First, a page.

Content organisationPage content is organized in the tree hierarchy.
Blocks and media are kept separately, grouped in folders. Blocks and media share the same folder structure.
Content is always organized in the tree hierarchy, and can be displayed in the form of a tree or a list view (which could be viewed as a list or as a grid with customized columns).
Media are kept separately, grouped in folders.
Content is grouped by type, without any additional hierarchy.
Media are also grouped by types.
For both content and media, it is possible to create views with a subset of items that match the specified criteria.
Content approval
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Extended content approval available, possible to create an entire chain of approvers and customize the flow fully.
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There is a dedicated plugin for setting an approval flow.
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Available in Enterprise version only.
It is possible to create and assign tasks that prevent content from being published if not marked as complete.
User and role management
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Content personalization
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Advanced options available to personalise content through visitor groups (defined based on the selected personalisation criteria), recommendations (for content, products, emails and search results), with dedicated UI for viewing, filtering and analysing visitor profiles.
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A dedicated plugin available to personalise content for different groups of visitors (also defined based on the personalisation criteria).
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There is no built-in support available, however it is possible to use an existing Contentful app to integrate with Optimizely, which is a platform supporting experiments with content and its personalisation.
Responsiveness support
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Display resolution feature to quickly check how the content will look on different screen sizes.
Display channels are used to check content for multi-template setup.
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Preview mode to check how the content looks in different screen sizes.
N/A

No UI support available.
On-page / inline editing
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Very convenient and editor-friendly. Support for preview mode allows full navigation through the content.
Content, forms, and survey creation with drag & drop.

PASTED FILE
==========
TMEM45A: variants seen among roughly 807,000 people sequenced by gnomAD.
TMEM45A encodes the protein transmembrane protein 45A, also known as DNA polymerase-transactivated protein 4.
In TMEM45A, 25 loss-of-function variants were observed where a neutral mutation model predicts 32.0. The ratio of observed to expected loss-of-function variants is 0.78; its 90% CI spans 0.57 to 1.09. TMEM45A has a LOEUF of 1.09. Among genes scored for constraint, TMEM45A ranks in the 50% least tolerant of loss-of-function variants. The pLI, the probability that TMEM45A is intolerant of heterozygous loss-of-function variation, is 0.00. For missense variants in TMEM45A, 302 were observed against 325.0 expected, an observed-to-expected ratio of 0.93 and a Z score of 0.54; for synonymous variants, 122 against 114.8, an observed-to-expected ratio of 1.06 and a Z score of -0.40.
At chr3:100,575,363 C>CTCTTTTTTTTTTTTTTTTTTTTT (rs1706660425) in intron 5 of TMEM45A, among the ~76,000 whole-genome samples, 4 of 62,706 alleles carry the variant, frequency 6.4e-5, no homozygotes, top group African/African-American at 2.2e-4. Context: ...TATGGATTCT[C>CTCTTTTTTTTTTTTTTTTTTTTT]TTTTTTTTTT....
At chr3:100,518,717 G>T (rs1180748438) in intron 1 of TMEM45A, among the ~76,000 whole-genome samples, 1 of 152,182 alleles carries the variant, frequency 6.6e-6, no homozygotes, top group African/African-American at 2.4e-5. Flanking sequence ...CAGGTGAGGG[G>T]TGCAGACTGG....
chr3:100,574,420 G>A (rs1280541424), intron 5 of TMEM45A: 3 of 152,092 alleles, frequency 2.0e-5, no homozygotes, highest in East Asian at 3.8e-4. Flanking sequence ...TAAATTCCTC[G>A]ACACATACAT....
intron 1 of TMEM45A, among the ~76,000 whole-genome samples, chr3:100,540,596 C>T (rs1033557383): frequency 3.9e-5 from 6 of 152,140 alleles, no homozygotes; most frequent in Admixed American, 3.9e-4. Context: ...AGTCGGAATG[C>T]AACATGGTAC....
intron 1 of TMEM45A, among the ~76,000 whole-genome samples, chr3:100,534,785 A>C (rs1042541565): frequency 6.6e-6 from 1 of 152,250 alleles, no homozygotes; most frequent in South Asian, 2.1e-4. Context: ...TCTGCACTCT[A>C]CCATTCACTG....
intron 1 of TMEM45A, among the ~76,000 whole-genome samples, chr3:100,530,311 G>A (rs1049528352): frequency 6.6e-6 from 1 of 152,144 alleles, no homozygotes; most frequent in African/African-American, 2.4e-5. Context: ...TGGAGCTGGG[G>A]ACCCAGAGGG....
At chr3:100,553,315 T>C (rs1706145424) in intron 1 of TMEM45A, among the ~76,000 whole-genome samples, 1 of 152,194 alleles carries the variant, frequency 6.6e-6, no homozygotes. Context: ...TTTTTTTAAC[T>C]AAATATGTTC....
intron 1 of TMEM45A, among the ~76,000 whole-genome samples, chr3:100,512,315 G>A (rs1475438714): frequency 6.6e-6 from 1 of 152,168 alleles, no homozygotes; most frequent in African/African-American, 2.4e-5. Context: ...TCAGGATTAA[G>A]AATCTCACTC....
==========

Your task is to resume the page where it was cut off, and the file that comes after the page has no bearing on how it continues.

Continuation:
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Only properties view available. Preview mode available separately and without option to navigate through the content.
There is a grid editor available that allows convenient content creation. It could be styled in a way, that reflects the final view, however using this mode might get complicated for multiple properties.
N/A

No UI support available.
Multilanguage support
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Pro language support finally available in Umbraco 8.0!
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Built-in asset management
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Versioned asset management available.
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Not versioned asset management available.
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Not versioned asset management available.
Built-in search engine
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Episerver Find built on Elasticsearch.
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Examine built on Lucene.
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Filter API to build relational queries.
Integrations
Dedicated e-commerce solution
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Episerver Commerce
not available
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Available e-commerce integrations
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Salesforce, Magento, Shopware, OXID
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Raptor, Ucommerce, Storm Commerce, Tea Commerce
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Shopify, Commerce Layer
Thanks to the API-first approach, integrations are fairly straightforward.